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Unipal: Day 6 Manang rest day

It was great day for sleeping in, washing clothes, doing some shopping, except for those of us who were sick!  Several of our party, including myself (Ken) come down with a tummy bug.

After breakfast, a small group went for a 3-4 hour hike up to an old glacier.   The others explored the village, which was a good place for buying clothes, shoes, hats and other trekking supplies.

In the afternoon we headed to see a movie at the local theatre, which was showing “Seven Years in Tibet”.  It was a cosy little theatre complete with fireplace and popcorn!

Some of the medically inclined went to a lecture by the Himalayan Rescue Association, which covered aspects of mountain medicine including altitude sickness, gastro-illness, frostbite and other general health issues in the mountains. It was a very interesting talk presented by the US doctors who were working there at the time.

Unipal: Day 5 Pisang to Manang 3540m

Another beautiful days riding…the track was relatively smooth ‘Nepali Flat’, framed by gorgeous Himalayan peaks.

We stopped for a break at Humbe, which has one of the highest airports in the world.

Manang is a bustling village complete with it’s own movie theatres, plenty of trekking shops, hotels, and a medical centre.  Those of us who arrived early were busy tucking into chocolate cake, apple pies and other delicious fare at the hotel tea shop.

We were pleasantly surprised to bump into unicyclist Steve Colligan, who, unbeknownst to us, was in Nepal with his family!

Unipal: Day 4 Chame to Pisang 3300m

After a hearty breakfast we were very much looking forward to todays ride. It was described by our guide Dawa as ‘Nepali flat’, which roughly translates to hilly, with ups and downs, but probably more up than down.

Many of us had found yesterdays riding a little challenging, with a lot of hiking up steep sections. Todays ride, in contrast, was on much smoother trail. Notwithstanding that it was ‘Nepali flat’, it was also much more rideable.

There was some snow on the road as we crossed some forests along a little valley, and various swing bridges to cross.  We arrived in Pisang just before 3pm, which gave us plenty of time to explore the village before dinner.  We were staying in lower Pisang, but upper Pisang was across the river and up  a very steep mountain overlooking the valley.

A group of us made the hike up to upper Pisang, with it’s gorgeous  views of the village and river below.  When we arrived at the monastery perched at the top, we were offered hot lemon tea by the monks…absolute bliss!

Unipal: Day 3 Bagarchap to Chame 2630m

After the exhausting ride the day before, our riders were raring to go.  All our unicycles were intact, despite the rough transfer the day before.

We had our group photo with some of the Annapurna peaks in the background, and then headed off up the trail.  It was a beautiful day with amazing views of the mountains rising up to the sky.  The riding was, however, quite difficult, with a lot of steep climbs littered with boulders.  Our route along the Marshyangi river led us across some amazing waterfalls along the way, and the rhododendrons were out in bloom.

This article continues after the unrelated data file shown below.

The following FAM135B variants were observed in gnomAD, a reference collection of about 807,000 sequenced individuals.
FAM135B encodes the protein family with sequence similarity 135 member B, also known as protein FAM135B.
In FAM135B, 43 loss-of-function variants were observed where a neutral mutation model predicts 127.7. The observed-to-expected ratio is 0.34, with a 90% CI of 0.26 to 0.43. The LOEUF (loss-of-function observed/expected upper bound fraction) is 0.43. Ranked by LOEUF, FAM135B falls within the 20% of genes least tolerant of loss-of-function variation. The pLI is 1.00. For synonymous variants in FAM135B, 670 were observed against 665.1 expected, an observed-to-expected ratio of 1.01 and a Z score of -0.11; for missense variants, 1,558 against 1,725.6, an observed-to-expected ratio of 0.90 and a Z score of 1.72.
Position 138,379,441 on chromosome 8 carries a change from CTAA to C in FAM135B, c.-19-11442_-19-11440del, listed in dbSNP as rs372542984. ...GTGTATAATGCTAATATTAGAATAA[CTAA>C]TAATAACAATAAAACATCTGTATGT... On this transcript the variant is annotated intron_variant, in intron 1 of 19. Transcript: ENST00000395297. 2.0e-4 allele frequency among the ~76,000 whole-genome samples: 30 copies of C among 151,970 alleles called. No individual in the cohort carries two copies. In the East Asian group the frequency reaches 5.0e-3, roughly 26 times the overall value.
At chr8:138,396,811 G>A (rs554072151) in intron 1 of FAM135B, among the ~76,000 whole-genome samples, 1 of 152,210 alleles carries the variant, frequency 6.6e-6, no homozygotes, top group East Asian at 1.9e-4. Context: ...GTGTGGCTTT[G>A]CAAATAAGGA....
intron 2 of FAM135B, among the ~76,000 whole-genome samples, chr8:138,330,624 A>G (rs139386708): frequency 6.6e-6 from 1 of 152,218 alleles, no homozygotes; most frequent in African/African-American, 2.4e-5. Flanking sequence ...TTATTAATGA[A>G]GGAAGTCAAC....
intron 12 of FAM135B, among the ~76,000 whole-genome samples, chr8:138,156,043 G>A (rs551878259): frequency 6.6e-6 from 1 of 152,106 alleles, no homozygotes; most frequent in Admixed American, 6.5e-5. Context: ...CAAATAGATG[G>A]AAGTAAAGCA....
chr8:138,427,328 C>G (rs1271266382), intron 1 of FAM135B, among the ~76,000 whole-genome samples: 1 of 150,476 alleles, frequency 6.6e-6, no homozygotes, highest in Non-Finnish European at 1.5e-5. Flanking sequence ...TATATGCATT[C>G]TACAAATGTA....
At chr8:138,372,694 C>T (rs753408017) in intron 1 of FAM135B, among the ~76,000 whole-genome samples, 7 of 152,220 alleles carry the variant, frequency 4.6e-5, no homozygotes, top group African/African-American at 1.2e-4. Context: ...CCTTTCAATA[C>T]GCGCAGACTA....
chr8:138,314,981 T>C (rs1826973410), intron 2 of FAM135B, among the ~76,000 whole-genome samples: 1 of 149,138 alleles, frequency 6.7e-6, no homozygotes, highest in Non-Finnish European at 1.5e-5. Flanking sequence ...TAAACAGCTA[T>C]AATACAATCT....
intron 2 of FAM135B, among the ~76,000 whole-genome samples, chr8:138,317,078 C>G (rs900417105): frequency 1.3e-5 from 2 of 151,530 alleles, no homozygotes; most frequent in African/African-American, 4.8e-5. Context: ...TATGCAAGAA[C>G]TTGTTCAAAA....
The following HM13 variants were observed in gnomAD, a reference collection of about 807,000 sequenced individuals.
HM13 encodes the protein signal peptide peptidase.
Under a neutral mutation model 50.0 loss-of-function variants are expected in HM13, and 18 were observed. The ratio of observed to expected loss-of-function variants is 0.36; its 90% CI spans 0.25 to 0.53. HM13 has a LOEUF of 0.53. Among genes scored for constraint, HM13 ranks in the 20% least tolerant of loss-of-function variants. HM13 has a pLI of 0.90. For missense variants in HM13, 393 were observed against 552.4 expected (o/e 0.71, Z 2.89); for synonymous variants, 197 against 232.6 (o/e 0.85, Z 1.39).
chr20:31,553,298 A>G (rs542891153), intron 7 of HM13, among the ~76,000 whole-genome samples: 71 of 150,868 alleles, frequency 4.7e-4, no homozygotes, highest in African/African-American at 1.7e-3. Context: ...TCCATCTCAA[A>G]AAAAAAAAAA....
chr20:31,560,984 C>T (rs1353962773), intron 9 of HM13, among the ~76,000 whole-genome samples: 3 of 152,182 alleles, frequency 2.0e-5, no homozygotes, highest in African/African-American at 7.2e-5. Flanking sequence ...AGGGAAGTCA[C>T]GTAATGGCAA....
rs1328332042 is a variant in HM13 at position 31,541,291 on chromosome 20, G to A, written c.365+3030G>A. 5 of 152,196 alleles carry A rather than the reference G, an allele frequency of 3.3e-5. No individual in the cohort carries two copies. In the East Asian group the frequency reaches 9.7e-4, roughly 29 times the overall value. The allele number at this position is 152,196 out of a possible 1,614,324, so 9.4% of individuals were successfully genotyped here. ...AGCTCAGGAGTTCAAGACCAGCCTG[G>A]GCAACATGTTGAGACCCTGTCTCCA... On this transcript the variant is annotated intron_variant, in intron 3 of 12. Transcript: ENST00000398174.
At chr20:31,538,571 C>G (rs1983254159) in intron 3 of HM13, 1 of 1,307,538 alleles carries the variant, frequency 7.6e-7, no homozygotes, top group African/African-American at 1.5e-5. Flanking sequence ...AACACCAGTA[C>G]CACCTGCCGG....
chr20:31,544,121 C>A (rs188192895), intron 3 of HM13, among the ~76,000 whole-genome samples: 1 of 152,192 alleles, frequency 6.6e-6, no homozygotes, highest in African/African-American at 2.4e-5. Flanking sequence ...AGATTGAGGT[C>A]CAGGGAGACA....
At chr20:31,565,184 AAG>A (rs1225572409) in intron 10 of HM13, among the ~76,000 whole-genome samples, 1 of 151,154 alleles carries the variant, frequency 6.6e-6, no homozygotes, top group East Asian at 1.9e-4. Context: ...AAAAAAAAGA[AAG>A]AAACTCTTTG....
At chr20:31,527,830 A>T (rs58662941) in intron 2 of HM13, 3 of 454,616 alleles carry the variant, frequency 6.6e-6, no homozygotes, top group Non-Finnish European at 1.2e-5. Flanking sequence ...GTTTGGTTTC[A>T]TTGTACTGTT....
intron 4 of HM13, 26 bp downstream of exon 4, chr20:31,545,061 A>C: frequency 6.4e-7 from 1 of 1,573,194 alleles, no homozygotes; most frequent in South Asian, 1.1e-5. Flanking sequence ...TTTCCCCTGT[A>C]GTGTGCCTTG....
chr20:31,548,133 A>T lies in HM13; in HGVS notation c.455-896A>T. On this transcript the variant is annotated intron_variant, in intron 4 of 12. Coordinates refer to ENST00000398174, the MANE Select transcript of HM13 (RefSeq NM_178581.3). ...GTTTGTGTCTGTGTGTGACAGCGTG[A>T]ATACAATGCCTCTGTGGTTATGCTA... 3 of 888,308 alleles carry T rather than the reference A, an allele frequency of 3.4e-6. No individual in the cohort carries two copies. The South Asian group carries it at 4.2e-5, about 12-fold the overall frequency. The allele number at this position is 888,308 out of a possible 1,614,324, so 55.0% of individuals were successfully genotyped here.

Unipal Day 2: Kathmandu to Bagarchap

Today was our transfer day, so were were up for a bright early 6am breakfast.

Because the trip started in the Annapurna region, we had to do a road transfer to our starting village of Bagarchap.  Jason and Blair had warned us it would be long day, with about 9hrs driving, but we weren’t counting on a general strike across the country.

Due to some difficult to understand local politics, most the Nepal had shut down for general strike action. This meant that travel was restricted and most shops were closed.  Luckily, the army which set up roadblocks at every town were still letting tourist buses through. However, we had a mandatory stop at all road blocks, which meant that travel was slow and tedious.  On the other hand, it gave us a chance to stretch the legs, and some riders even getting involved in a cricket match with the locals.

It was well past mid-day by the time our bus rolled into the lunch stop.  We hungrily wolfed down the buffet, enjoying the magnificent splendour of the Himalayas now rising before us.

After lunch, our tour bus could no longer take us further, as it was a rough 30km jeep track to our starting village of Bagarchap.  After a furter delay, we got into our convoy of 4WD jeeps.  It was fun for about an hour, as the jeeps negotiated the impossibly steep road into the Annapurnas, negotiating boulder sized rocks with steep drop offs along the way.  The novelty soon wore off, however, as our backsides and spines felt the effects of the trail.  It was getting dark, so we would be arriving rather late to Bagarchap.

At least two of our jeeps fell to pieces, with one losing the driveshaft and requiring roadside repair.  At one stage, all the riders had to get out of the jeep to walk across a dangerous section of the track with our flashlights. We were told there was a cliff on the side and only the drivers would put their lives at risk!